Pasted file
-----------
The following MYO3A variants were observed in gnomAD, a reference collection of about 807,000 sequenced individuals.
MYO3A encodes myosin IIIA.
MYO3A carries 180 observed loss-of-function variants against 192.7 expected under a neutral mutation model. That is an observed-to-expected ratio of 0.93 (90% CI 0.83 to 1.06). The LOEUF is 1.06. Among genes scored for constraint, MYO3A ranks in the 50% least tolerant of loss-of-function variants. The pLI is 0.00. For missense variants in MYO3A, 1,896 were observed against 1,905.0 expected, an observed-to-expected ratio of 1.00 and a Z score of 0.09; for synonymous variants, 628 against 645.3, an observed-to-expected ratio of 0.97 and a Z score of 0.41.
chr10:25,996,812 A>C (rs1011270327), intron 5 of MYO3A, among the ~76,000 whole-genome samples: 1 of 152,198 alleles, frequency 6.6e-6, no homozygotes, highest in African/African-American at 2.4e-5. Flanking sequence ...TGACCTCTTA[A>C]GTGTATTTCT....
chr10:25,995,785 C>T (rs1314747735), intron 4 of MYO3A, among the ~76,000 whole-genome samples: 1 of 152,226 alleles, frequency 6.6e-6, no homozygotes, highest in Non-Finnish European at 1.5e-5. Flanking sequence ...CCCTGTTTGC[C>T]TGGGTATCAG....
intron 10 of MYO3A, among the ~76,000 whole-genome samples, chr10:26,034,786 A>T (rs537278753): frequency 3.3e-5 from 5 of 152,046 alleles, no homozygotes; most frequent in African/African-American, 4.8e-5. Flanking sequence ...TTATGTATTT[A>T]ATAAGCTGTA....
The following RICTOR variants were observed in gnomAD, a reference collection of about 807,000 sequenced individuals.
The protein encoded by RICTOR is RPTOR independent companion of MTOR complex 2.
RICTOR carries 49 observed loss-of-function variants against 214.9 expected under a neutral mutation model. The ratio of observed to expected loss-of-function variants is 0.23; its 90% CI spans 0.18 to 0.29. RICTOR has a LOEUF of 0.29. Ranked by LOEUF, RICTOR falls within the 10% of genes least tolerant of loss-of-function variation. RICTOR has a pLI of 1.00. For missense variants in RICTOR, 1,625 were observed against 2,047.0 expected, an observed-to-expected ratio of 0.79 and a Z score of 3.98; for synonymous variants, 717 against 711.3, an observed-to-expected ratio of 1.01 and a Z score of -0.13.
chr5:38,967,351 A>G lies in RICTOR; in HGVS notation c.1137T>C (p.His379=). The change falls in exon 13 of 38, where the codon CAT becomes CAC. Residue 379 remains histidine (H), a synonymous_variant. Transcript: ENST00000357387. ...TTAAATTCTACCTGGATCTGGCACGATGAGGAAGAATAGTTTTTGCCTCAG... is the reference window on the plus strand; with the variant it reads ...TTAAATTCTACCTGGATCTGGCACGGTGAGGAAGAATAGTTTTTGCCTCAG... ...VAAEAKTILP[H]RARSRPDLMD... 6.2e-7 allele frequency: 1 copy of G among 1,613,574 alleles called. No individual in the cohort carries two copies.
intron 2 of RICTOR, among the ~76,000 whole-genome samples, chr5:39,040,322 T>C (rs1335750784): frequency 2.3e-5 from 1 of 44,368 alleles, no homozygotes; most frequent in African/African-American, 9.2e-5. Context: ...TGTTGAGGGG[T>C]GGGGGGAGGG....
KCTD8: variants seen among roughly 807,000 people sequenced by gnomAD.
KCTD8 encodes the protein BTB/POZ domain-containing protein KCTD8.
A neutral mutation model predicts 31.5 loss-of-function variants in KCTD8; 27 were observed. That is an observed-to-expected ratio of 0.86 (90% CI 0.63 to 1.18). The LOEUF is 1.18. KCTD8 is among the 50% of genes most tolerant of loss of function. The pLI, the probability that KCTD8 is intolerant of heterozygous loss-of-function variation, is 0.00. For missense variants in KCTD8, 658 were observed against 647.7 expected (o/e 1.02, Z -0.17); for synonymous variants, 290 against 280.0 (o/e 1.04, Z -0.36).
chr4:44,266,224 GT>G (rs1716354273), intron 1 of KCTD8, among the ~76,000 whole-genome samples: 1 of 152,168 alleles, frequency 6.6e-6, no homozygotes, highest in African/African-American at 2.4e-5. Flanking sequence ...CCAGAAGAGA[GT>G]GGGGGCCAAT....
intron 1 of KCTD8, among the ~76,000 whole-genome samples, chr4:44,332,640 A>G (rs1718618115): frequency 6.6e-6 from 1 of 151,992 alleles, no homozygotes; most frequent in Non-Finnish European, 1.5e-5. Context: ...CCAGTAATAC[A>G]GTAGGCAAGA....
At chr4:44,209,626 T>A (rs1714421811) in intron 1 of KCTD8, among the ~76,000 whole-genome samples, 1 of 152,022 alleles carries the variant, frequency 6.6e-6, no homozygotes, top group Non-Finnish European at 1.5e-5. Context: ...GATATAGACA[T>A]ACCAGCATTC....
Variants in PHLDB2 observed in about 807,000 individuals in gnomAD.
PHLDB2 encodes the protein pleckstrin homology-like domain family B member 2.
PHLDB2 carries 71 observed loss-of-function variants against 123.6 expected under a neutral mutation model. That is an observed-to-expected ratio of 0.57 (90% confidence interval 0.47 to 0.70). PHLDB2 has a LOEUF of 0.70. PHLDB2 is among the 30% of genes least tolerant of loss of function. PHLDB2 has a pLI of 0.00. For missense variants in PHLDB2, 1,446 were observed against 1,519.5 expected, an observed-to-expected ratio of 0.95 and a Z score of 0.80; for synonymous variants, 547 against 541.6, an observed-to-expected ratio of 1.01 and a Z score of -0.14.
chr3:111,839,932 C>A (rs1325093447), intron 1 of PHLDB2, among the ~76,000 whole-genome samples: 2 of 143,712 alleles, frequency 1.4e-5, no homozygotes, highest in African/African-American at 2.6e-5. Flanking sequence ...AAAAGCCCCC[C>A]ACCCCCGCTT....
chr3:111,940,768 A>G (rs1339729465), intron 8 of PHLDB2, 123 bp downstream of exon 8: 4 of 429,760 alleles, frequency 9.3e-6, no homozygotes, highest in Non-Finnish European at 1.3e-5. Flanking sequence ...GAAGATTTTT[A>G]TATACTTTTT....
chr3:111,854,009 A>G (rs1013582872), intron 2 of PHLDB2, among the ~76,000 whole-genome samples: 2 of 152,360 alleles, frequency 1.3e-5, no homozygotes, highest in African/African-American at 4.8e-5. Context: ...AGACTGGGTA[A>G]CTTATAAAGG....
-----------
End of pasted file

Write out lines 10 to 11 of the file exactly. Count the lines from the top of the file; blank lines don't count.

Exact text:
chr5:38,967,351 A>G lies in RICTOR; in HGVS notation c.1137T>C (p.His379=). The change falls in exon 13 of 38, where the codon CAT becomes CAC. Residue 379 remains histidine (H), a synonymous_variant. Transcript: ENST00000357387. ...TTAAATTCTACCTGGATCTGGCACGATGAGGAAGAATAGTTTTTGCCTCAG... is the reference window on the plus strand; with the variant it reads ...TTAAATTCTACCTGGATCTGGCACGGTGAGGAAGAATAGTTTTTGCCTCAG... ...VAAEAKTILP[H]RARSRPDLMD... 6.2e-7 allele frequency: 1 copy of G among 1,613,574 alleles called. No individual in the cohort carries two copies.
intron 2 of RICTOR, among the ~76,000 whole-genome samples, chr5:39,040,322 T>C (rs1335750784): frequency 2.3e-5 from 1 of 44,368 alleles, no homozygotes; most frequent in African/African-American, 9.2e-5. Context: ...TGTTGAGGGG[T>C]GGGGGGAGGG....